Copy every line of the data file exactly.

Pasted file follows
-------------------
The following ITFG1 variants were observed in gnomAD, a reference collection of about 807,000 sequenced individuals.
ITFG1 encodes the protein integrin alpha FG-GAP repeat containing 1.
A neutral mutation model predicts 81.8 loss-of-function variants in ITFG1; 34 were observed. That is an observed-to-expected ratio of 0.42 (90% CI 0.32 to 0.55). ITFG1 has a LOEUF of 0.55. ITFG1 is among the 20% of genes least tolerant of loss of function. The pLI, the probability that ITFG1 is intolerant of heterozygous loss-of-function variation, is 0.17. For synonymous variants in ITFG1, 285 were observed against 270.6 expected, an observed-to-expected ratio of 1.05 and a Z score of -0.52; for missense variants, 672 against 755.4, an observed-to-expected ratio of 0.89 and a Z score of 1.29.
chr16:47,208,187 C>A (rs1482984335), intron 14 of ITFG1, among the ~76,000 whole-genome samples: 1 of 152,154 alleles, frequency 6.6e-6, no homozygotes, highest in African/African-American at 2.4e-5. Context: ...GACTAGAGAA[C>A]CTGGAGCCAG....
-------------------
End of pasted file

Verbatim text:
The following ITFG1 variants were observed in gnomAD, a reference collection of about 807,000 sequenced individuals.
ITFG1 encodes the protein integrin alpha FG-GAP repeat containing 1.
A neutral mutation model predicts 81.8 loss-of-function variants in ITFG1; 34 were observed. That is an observed-to-expected ratio of 0.42 (90% CI 0.32 to 0.55). ITFG1 has a LOEUF of 0.55. ITFG1 is among the 20% of genes least tolerant of loss of function. The pLI, the probability that ITFG1 is intolerant of heterozygous loss-of-function variation, is 0.17. For synonymous variants in ITFG1, 285 were observed against 270.6 expected, an observed-to-expected ratio of 1.05 and a Z score of -0.52; for missense variants, 672 against 755.4, an observed-to-expected ratio of 0.89 and a Z score of 1.29.
chr16:47,208,187 C>A (rs1482984335), intron 14 of ITFG1, among the ~76,000 whole-genome samples: 1 of 152,154 alleles, frequency 6.6e-6, no homozygotes, highest in African/African-American at 2.4e-5. Context: ...GACTAGAGAA[C>A]CTGGAGCCAG....